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J Immunol. 1992 Mar 15;148(6):1792-6.

IL-10 inhibits parasite killing and nitrogen oxide production by IFN-gamma-activated macrophages.

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  • 1Immunology and Cell Biology Section, National Institute of Allergy and Infectious Disease, National Institutes of Health, Bethesda, Maryland 20892.


IL-10, a cytokine produced by CD4+ T lymphocytes belonging to the Th-2 subset, has previously been shown to inhibit the synthesis of IFN-gamma by both T cells and NK cells. We now demonstrate that IL-10 can also down-regulate IFN-gamma-dependent immunity by blocking the ability of that lymphokine to activate macrophages. Thus, IL-10, in a dose-dependent manner, inhibits the microbicidal activity of IFN-gamma-treated inflammatory macrophages against intracellular Toxoplasma gondii as well as the extracellular killing of schistosomula of Schistosoma mansoni. This suppression correlates with the inhibition by IL-10 of IFN-gamma-induced production of toxic nitrogen oxide metabolites, an effector mechanism previously implicated in the killing by macrophages of both parasite targets. IL-10 inhibition of nitric oxide production was shown to occur when the cytokine is given before or together with the IFN-gamma-activating stimulus, but not after its removal from the cultures and to require 12 h of contact for maximal suppressive effect on macrophage function. These results, taken together with previous findings on the down-regulation of Th1 lymphokine production by IL-10, indicate that the induction of IL-10 may be an important strategy by which parasites evade IFN-gamma-dependent, cell-mediated immune destruction.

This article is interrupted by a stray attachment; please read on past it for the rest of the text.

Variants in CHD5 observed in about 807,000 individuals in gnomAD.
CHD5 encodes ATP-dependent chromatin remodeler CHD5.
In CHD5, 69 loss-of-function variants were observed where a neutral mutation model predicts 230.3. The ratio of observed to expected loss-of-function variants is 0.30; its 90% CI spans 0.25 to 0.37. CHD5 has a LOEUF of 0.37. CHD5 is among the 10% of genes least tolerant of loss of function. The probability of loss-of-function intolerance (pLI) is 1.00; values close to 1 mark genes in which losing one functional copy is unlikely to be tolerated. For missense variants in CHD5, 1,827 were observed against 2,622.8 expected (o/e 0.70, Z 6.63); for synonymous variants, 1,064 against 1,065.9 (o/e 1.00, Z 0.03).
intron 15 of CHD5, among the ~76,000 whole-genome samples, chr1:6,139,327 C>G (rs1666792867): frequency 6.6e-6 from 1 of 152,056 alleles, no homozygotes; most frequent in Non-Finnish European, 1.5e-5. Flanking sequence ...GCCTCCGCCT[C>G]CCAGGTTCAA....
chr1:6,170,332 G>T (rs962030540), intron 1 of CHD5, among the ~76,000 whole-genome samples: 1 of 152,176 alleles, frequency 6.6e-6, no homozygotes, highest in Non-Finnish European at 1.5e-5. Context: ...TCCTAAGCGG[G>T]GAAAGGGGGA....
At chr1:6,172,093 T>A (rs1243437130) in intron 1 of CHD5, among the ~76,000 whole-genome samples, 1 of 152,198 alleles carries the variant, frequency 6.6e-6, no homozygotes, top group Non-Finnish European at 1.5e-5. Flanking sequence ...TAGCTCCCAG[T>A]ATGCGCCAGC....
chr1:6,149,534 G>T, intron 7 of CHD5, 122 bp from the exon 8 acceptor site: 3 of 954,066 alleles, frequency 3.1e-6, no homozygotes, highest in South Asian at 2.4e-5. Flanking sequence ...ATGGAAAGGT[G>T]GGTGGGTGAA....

[PubMed - indexed for MEDLINE]
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